The Story of IoT Based Solution Developers in Indonesia
Regulations regarding IoT should be tightened and supply chain to be facilitated. Players are to start monetization
Prayogo Ryza - 8 April 2020
The Internet of Things (IoT) technology is getting more popular for the last five years because it becomes one of few strategic components that support the industry 4.0. Simply put, the IoT technology allows various kinds of electronics to communicate and circulate data, either cross-devices or with other systems or apps.
Last year, the government through Kemkominfo issued regulations regarding LoRA WAN frequency as stated in the Regulation of the Director General of Resources and Equipment of Post and Information Technology Number 3 in 2019 on Technical Requirements for Low Power Wide Area Telecommunications Equipment and/or Devices.
The IoT-based solutions players appreciate this regulation. It’s just some regulations are still expected, including providing a discount for import fees for spare parts or raw materials imported from abroad. This discount policy is considered to be able to encourage the IoT industry to develop faster considering that many devices are still imported from abroad, especially China.
Regulating foreign companies and accessible import
One of the startups in this sector is Habibi Garden, which for the last two years has focused on helping farmer groups in West Java. Habibi Garden CEO Irsan Rajamin told DailySocial that import policy was quite important. The existence of a special tax to ease tariffs will provide a positive stimulus for IoT players in Indonesia.
He also added, “The expected regulation, is when the foreign IoT technology entering Indonesia, there should be a partnership or collaboration in any way possible with local companies or startups. Therefore, there is an obligation for transfer knowledge.”
A similar thought from eFishery’s Chief of Product, Krisna Aditya. He said to support local startups to develop is by regulating foreign IoT companies at least to give space for locals to penetrate the current market.
“Regulations such as TKDN that favor Indonesian startups are indeed favorable. Then, the tax incentives or the easy importing for basic parts needed to develop IoT products are also very important. Almost all required parts to develop IoT are still imported, therefore, when the import process is facilitated with the aim of developing startups in Indonesia, it will open up new jobs in Indonesia,” he added.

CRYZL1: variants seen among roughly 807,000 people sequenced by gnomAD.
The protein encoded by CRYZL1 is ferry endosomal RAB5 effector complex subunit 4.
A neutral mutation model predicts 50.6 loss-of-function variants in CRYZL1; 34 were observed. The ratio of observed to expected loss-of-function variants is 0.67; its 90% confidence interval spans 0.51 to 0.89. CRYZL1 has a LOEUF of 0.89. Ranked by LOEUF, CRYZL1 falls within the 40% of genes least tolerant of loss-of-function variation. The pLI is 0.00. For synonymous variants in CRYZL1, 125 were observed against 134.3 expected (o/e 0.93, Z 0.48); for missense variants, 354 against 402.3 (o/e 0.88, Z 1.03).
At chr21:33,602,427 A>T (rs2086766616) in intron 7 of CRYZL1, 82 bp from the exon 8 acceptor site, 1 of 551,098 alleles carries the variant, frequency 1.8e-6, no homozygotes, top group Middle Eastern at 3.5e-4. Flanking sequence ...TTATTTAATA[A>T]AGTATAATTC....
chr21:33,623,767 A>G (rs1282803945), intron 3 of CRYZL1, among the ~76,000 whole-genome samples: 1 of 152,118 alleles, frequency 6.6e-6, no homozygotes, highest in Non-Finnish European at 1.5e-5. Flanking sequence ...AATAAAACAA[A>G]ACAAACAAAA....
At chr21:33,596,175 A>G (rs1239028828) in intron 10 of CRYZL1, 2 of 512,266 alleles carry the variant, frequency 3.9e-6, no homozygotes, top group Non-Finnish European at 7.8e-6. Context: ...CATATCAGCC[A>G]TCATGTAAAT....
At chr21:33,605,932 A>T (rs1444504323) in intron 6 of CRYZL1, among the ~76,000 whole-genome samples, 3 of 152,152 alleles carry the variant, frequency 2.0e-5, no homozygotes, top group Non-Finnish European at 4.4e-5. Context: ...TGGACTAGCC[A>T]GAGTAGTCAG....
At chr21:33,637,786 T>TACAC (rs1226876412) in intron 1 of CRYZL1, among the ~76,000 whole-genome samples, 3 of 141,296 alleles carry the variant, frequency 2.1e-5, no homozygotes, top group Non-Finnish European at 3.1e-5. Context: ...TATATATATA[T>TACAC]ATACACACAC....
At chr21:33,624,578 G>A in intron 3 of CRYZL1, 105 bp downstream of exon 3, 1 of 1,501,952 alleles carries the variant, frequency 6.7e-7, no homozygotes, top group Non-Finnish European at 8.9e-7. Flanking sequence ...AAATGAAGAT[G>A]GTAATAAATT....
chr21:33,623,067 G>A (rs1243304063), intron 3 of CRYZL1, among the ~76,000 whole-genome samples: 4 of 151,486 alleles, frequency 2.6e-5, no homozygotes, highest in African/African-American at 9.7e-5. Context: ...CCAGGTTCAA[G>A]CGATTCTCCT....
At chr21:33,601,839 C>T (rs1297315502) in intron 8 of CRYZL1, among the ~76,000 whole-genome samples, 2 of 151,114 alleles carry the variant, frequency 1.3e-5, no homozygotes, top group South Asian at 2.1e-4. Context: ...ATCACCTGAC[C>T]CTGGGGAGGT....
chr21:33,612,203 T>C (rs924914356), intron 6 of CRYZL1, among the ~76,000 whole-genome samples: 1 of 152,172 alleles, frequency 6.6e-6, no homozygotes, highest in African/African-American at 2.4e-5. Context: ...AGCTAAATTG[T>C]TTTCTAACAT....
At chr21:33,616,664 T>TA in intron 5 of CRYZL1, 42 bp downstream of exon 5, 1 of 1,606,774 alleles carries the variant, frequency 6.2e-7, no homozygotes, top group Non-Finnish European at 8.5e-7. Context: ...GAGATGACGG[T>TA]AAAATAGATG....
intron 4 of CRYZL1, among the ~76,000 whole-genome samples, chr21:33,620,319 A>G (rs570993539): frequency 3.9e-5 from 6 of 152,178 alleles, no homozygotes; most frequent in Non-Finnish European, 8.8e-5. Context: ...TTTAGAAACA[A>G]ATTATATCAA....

DycodeX’ Co-founder & CEO, Andri Yadi agreed on this subject. He said that reducing import tariffs could be a positive impact on the IoT industry. However, to regulate is not easy. It takes time and effort to record a lot of devices wheter to reduce the cost.
Another regulation that is also expected is TKDN for devices entering Indonesia. Although the discussion is still ongoing in the internal association, this rule is considered to be able to boost the growth of the IoT industry in Indonesia.
Andri said, this TKDN regulation must be prepared in advance, especially the readiness of the local players. Avoid regulations backfire at all cost. When it is expected to grow, instead, it only hinders the developing industry due to unpreparedness.
Stories of local players
The Indonesian IoT Association or ASIoTI is quite optimistic about the opportunities of the IoT industry in Indonesia. Even at the end of 2019 they targeted 200 million sensors in 2020. This target is somewhat missed due to the Covid-19 pandemic, but its development still provides potential and opportunities.
In addition to industrial automation, a number of solutions in the agriculture and fisheries sector can be optimized. Habibi Garden and SmarTernak (one of the solutions from DycodeX) have a solution that is almost similar, but applicable into two different things. HabibiGarden for the agriculture sector and Smarternak for the livestock sector.
Habibi Garden claimed to have collaborated with West Java Digital Service, especially for the agricultural sector. They help farmers to optimize the way they work through the IoT tool. Both in open land or in the greenhouse.
Some devices developed by Habibi Garden include tools to monitor the condition of the growing media, devices that can be controlled remotely to provide fertilizer, water, pesticides, and the like, as well as several other devices.
“We produce 200 sensors that are packaged for 20 farmer groups in West Java. The tools we use include automatic watering systems, cooling systems for greenhouses, weather monitoring systems and planting media. With this tool farmers can know exactly when to do watering and fertilization, with this farmers can get the efficiency of production costs and labor,” Irsan said.
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SmarTernak also comes with similar solution. Focused on West Java, Smarternak has begun to focus on monetization and implementation.
“In terms of devices, some are installed in cows, some are installed in cages. The ones installed in cages are temperature sensors and water supply. If used in cattle for tracking activity, how long he eats, how long he sleeps,” said Andri .
There is also eFishery, a startup whose business unit is developing an IoT device to facilitate fish and shrimp feeding. This startup has developed tens of thousands of devices installed in fish/shrimp ponds in 120 cities/regencies throughout Indonesia.
Original article is in Indonesian, translated by Kristin Siagian
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